Friday, March 16, 2012

Norfolk Southern Corporation (NSC) Dividend Stock Analysis

Norfolk Southern Corporation (NSC), through its subsidiaries, engages in the rail transportation of raw materials, intermediate products, and finished goods primarily in the United States. This dividend achiever has paid uninterrupted dividends on its common stock since 1901 and increased payments to common shareholders every for 11consecutive years.

The company’s last dividend increase was in January 2012 when the Board of Directors approved a 9.30% increase to 47 cents/share. This marked the second dividend increase over the past year. Norfolk Southern‘s largest competitors include Union Pacific (UNP), CSX (CSX) and Canadian National Railway (CNI).

Over the past decade this dividend growth stock has delivered an annualized total return of 17% to its shareholders.
The company has managed to deliver an 18.50% annual increase in EPS since 2002. Analysts expect Norfolk Southern to earn $5.96 per share in 2012 and $6.71 per share in 2013. In comparison Norfolk Southern earned $5.45 /share in 2011. The company has managed to consistently repurchase 3% of its outstanding shares on average in each year over the past five years.
A bet on railroads is a bet on the long-term growth of US economy. As the country expands, and as the population grows over the next few decades, the amount of goods that would need to be transported will surely increase. Currently, railroads have an important advantage over trucks for example, since they are three times more fuel efficient and could also carry certain hazardous materials that trucks cannot transport. This being said, railways in general will experience cyclicality in earnings during recessions. There are only four major railroads in the US, including Burlington Northern Santa Fe, Union Pacific, Norfolk Southern and CSX Corp. Analysts expect railroad transportation volumes to increase by 1.50% per year over the next decade.

For Norfolk Southern in particular, half of revenues come from transporting goods which are sensitive to the economic cycle, such as automobiles and chemicals. Almost one third of revenues are generated by transporting coal to utilities, which is one of the most profitable activity for the company. The remainder of revenues are generated by the company’s intermodal business, where it directly competes with trucker companies for volume. The company has invested heavily to increase its competitiveness along key freight lanes by adding infrastructure to support intermodal transportation of goods.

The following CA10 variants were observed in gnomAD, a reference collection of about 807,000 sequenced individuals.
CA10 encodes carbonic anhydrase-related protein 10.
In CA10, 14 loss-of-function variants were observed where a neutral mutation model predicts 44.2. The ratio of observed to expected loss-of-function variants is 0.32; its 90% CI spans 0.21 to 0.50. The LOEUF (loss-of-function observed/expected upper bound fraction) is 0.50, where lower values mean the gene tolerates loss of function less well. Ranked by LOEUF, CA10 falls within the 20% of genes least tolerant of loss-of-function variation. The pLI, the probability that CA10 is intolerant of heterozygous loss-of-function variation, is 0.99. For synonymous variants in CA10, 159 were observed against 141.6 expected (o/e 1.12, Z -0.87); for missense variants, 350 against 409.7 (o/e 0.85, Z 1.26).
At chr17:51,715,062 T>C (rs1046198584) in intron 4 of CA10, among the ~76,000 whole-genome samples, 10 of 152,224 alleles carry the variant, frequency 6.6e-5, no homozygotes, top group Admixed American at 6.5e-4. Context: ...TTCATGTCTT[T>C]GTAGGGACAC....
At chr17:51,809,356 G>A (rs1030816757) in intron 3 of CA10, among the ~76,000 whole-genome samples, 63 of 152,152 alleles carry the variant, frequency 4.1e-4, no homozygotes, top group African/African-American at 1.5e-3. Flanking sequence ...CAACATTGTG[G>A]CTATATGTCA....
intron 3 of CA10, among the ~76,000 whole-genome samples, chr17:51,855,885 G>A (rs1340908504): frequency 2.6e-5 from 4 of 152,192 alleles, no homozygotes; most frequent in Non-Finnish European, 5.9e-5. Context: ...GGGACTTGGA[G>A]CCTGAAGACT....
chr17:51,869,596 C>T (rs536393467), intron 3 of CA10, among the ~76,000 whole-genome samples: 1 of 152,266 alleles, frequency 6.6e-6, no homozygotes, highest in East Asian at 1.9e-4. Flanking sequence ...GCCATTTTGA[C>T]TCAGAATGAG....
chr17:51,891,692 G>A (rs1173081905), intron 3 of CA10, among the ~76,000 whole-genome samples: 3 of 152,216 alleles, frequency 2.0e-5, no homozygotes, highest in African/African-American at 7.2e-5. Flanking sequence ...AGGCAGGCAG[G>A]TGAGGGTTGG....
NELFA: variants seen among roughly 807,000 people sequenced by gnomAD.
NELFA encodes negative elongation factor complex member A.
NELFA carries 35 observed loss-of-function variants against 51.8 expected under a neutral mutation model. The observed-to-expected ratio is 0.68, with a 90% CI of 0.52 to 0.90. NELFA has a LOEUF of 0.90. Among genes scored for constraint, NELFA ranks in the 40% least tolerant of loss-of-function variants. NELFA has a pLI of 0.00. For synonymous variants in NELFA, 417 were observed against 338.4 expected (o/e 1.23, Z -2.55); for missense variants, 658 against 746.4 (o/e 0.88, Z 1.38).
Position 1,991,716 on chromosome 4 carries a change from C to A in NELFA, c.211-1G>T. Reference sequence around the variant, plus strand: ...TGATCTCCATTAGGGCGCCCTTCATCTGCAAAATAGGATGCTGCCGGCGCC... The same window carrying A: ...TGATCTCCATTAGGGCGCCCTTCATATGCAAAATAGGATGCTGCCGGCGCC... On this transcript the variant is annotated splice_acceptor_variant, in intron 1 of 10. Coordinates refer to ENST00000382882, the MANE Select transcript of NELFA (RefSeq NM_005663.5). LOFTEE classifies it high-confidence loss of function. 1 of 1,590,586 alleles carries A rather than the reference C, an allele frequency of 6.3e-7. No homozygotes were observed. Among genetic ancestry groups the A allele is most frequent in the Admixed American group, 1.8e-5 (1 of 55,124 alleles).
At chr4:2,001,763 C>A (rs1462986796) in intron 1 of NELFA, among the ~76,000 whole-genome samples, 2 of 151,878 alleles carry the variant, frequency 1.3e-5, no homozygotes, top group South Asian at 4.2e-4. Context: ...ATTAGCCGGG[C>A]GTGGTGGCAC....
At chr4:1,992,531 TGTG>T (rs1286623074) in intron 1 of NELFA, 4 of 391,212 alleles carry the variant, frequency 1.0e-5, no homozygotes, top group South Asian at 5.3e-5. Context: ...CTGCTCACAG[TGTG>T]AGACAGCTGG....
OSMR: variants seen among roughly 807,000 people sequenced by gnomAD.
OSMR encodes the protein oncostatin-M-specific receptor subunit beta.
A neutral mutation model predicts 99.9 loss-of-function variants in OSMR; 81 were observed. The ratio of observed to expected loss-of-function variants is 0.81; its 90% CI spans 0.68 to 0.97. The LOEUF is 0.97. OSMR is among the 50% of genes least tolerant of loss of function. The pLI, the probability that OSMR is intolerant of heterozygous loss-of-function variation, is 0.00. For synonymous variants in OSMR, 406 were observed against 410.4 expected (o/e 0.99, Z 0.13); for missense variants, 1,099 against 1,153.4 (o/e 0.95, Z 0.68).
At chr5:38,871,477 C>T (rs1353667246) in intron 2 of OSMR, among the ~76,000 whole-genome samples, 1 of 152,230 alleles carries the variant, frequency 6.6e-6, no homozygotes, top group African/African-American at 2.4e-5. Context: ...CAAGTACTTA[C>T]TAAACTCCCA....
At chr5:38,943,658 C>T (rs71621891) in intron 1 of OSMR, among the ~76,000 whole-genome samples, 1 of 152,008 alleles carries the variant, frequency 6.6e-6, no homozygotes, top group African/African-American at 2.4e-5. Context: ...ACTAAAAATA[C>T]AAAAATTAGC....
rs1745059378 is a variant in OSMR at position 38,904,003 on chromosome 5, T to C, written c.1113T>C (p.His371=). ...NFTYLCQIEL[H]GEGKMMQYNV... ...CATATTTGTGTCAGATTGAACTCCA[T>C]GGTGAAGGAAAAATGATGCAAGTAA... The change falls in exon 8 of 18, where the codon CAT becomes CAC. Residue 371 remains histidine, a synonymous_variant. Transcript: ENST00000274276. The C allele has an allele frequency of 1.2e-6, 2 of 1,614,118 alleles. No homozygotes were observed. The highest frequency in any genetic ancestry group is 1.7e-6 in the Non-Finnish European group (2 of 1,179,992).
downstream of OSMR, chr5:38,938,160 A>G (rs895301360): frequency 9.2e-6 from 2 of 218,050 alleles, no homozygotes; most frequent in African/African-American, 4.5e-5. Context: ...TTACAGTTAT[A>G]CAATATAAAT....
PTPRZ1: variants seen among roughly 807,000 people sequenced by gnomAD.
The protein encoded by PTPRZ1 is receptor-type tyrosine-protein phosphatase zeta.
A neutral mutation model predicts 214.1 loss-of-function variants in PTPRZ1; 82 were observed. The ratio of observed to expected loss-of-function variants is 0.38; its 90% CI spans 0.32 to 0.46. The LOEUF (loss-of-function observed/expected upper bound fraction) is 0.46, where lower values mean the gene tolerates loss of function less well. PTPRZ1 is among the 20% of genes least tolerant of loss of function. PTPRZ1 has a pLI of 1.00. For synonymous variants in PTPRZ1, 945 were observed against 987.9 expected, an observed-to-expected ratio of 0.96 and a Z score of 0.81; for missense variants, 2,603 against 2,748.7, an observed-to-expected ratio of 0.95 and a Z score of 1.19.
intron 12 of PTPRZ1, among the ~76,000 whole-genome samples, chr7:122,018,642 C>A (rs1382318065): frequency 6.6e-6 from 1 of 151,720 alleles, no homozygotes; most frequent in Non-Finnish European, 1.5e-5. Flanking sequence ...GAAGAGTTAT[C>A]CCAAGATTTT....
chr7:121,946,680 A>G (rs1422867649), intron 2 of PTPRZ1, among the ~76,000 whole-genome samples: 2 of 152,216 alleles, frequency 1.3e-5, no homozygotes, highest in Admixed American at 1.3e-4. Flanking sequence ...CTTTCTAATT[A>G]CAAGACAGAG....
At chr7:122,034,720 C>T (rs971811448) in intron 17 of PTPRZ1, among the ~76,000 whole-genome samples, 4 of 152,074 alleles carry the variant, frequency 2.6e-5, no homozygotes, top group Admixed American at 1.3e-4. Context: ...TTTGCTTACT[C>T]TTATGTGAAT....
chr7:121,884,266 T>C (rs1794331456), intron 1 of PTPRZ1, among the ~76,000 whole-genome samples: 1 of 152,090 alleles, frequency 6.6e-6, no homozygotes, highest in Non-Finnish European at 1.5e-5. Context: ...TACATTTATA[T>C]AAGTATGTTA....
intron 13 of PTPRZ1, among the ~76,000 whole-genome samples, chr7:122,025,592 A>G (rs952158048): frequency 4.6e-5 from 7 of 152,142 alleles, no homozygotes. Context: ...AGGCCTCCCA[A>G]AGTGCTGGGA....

The company’s return on equity has increased from 7.50% in 2002 to 18.60% in 2011. Rather than focus on absolute values for this indicator, I generally want to see at least a stable return on equity over time.
The annual dividend payment has increased by 21.30% per year over the past decade, which is higher than to the growth in EPS.
A 21% growth in distributions translates into the dividend payment doubling every three and a half years. If we look at historical data, going as far back as 2001 we see that Norfolk Southern has managed to double its dividend almost every three and a half years on average.

The dividend payout ratio has almost doubled from 22% in 2002 to 39% in 2011. A lower payout is always a plus, since it leaves room for consistent dividend growth minimizing the impact of short-term fluctuations in earnings.
Currently Norfolk Southern is attractively valued at 12.60 times earnings, has a sustainable dividend payout and yields 2.80%. I would consider initiating a position in this railroad on dips and subject to availability of funds.

Full Disclosure: None

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  1. Thanks for this excellent article. I am long on Norfolk Southern (NSC) for exactly the reasons you layout. If the US economy stalls one of the positives will be picking up this stock at an affordable rate. An excellent way to play this is NSC's direct stock purchase plan because it is much cheaper than buying from a broker. With all that you have stated, it is worth the long term buy strategy.

  2. It looks like NSC paid $0.34 / share for all of 2009 and the first half of 2010. Would that not be a year where dividends were not raised in the last 11 years? I see that is was $0.32 at the end of 2008, $0.34 all of 2009, and then $0.36 at the end of 2010 - so there were 3 different rates in three different calendar numbers. But does not 6 quarters of the same dividend end a streak of annual increases? Thanks for any insight here & keep up the great work on one of my favorite sites.


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